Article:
National Cheng Kung University (NCKU) has unveiled a new design for a unique floating house. The amphibious house, which can be built in one year, is designed to be sustainable and will be able to rotate.
The university’s Research Center for Energy Technology and Strategy (RCETS) revealed the design at the Conference on Taijian Floating Green House and Sustainable Energy Strategies.
Bart van Bueren, a NCKU visiting expert, is leading the project. He has been with the university for the past three years and before that specialized in water architecture in the Netherlands.
When the building is constructed it will float on a Taiwanese fish farm. In fact, it will be the world’s first water-based house that has been designed and engineered to move around a vertical axis as a method of optimizing energy performance.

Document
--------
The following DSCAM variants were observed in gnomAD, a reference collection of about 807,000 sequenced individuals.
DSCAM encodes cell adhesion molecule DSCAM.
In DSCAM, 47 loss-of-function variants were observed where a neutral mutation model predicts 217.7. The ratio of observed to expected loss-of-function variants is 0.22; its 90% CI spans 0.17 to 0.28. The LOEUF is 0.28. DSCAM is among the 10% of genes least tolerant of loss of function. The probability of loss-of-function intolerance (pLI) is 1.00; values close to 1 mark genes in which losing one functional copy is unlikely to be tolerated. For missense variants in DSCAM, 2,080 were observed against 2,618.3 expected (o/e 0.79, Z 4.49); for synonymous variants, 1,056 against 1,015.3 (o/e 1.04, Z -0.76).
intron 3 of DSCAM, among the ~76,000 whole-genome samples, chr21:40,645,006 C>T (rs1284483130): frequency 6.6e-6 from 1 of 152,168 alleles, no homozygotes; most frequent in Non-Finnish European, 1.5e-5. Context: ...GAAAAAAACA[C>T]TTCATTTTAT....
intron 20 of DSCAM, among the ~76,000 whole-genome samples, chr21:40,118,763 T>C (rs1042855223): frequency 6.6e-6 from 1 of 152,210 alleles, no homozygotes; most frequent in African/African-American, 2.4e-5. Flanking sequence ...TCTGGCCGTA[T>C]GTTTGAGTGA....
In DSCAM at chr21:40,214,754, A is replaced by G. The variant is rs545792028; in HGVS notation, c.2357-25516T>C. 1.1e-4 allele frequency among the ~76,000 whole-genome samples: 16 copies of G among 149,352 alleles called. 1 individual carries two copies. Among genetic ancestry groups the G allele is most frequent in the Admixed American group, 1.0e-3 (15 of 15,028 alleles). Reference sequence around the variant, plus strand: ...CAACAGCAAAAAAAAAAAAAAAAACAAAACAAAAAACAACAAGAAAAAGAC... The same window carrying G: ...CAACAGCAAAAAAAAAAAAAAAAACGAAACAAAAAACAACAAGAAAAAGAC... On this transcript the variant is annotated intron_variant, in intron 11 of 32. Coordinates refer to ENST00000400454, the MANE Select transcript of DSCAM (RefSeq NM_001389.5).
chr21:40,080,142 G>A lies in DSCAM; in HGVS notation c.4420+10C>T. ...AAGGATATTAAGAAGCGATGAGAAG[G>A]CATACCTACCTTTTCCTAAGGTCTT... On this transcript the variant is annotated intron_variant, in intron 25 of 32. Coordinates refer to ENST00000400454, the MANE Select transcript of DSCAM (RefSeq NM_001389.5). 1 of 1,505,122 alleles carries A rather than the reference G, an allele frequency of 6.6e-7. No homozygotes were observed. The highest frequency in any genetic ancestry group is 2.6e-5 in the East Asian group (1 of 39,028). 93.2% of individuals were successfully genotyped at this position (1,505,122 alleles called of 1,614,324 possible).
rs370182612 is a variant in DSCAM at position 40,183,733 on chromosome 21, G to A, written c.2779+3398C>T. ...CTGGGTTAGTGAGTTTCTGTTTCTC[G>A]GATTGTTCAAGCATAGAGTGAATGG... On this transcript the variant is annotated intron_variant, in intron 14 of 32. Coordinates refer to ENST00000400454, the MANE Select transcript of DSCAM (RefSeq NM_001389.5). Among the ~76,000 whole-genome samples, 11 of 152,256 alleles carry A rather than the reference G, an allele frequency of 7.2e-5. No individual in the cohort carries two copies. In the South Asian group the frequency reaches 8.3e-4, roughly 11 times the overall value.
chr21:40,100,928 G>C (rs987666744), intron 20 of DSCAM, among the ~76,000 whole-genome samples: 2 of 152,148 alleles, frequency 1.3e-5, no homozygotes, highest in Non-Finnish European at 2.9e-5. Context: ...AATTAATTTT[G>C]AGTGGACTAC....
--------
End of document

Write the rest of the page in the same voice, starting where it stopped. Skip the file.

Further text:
Lars van Oort, a visitng Dutch expert, believes that the building will generate 11 per cent additional solar power due to the house’s rotation.
There will also be a large solar panel roof that will produce roughly four times more energy than the building needs to operate, which makes the building more than energy-neutral since it will have energy that will be able to power other buildings.
The university hopes this design can become a template for future housing that are sustainable and can have a positive effect on the environment in terms of energy production and economic benefits for the community.
“Even shading of the outdoor space can be optimized by rotating the building. When you live in the house and want to change the view, just simply push one button on your smart phone and the view can follow a pretty bird or sunset,” said Bart van Bueren